Don't buy gold. The price of the precious metal fell this morning, as investors flocked back to equities following a rally in Asia.
Gold futures fell 2.4 per cent to $1,209 this morning. Last week it peaked at $1,255, – having risen above $1,200 for the first time since June 2015 as global equities plummeted.
Meanwhile, this morning FTSE 100-listed gold miner Randgold Resources was down 3.2 per cent, at 5,955p, while Fresnillo was down 4.1 per cent, at 859.7p.
But analysts suggested the selloff may be a blip.
"After the sharp gains seen last week, [today's fall is] merely a rounding area in light of recent moves," suggested Simon Smith, chief economist at FxPro.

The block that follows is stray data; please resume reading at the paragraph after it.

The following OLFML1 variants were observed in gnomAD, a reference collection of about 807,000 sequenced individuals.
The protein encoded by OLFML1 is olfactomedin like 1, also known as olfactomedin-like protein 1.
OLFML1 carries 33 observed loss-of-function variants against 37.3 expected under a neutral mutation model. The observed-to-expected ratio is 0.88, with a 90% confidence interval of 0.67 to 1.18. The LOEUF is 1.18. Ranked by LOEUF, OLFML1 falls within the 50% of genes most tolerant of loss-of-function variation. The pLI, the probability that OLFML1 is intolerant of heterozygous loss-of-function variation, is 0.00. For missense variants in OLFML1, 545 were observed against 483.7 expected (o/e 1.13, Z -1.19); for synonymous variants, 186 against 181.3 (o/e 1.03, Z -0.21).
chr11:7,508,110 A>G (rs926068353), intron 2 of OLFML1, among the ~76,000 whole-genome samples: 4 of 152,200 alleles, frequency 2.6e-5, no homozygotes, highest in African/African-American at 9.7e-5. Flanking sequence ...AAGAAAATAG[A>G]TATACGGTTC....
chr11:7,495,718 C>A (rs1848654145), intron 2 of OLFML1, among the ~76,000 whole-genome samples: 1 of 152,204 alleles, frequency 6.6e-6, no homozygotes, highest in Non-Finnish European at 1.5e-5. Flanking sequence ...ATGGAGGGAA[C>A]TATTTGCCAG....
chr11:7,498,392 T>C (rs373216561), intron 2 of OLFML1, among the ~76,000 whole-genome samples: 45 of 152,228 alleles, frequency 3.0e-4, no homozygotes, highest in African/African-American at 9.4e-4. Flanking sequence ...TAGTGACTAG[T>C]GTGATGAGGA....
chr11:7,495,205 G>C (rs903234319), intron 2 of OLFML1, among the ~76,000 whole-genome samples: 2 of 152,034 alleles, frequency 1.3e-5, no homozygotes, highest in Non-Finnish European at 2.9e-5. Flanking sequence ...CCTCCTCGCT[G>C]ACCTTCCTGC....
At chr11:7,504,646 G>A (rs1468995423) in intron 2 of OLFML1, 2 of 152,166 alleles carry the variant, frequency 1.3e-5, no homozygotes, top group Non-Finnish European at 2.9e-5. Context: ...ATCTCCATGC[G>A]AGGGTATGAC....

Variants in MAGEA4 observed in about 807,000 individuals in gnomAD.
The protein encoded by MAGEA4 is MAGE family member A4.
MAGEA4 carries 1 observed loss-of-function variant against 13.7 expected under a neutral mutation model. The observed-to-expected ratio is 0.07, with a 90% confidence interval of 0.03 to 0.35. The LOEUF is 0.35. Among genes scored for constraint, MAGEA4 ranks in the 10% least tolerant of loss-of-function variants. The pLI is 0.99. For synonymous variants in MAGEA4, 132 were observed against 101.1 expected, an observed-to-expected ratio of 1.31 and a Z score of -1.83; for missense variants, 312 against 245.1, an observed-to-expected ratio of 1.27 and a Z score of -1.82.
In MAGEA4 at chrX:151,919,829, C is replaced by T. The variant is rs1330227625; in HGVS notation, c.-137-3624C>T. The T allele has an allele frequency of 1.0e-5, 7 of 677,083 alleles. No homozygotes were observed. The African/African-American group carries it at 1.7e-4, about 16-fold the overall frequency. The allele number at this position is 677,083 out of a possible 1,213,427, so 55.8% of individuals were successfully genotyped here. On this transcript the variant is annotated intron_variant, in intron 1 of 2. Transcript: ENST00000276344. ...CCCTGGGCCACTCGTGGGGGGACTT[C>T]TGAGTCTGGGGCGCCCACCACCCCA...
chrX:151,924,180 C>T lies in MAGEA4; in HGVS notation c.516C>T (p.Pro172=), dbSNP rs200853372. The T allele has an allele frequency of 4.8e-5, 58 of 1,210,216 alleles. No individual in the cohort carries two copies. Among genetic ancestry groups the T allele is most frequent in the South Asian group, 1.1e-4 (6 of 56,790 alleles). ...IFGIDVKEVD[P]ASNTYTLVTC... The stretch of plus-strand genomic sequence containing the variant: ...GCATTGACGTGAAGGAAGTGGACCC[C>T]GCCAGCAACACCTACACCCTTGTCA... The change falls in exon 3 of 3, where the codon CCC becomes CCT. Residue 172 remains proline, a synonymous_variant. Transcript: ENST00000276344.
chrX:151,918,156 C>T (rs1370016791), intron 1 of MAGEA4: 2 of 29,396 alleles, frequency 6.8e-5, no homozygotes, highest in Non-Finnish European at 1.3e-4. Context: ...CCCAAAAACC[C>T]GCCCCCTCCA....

Last week Alistair Hewitt, head of market intelligence at the World Gold Council, wrote for City A.M. that although demand for gold had been weak at the beginning of 2015, it rose sharply in the final six months of the year.
"Jewellery demand in the final six months of the year globally was at its highest level in the past 11 years," he wrote.
"And bar and coin demand among retail investors was good, too: European bar and coin demand rose 12 per cent and in 2015 was the largest market for bars and coins in the world at 219 tonnes and Chinese bar and coin demand was up 21 per cent."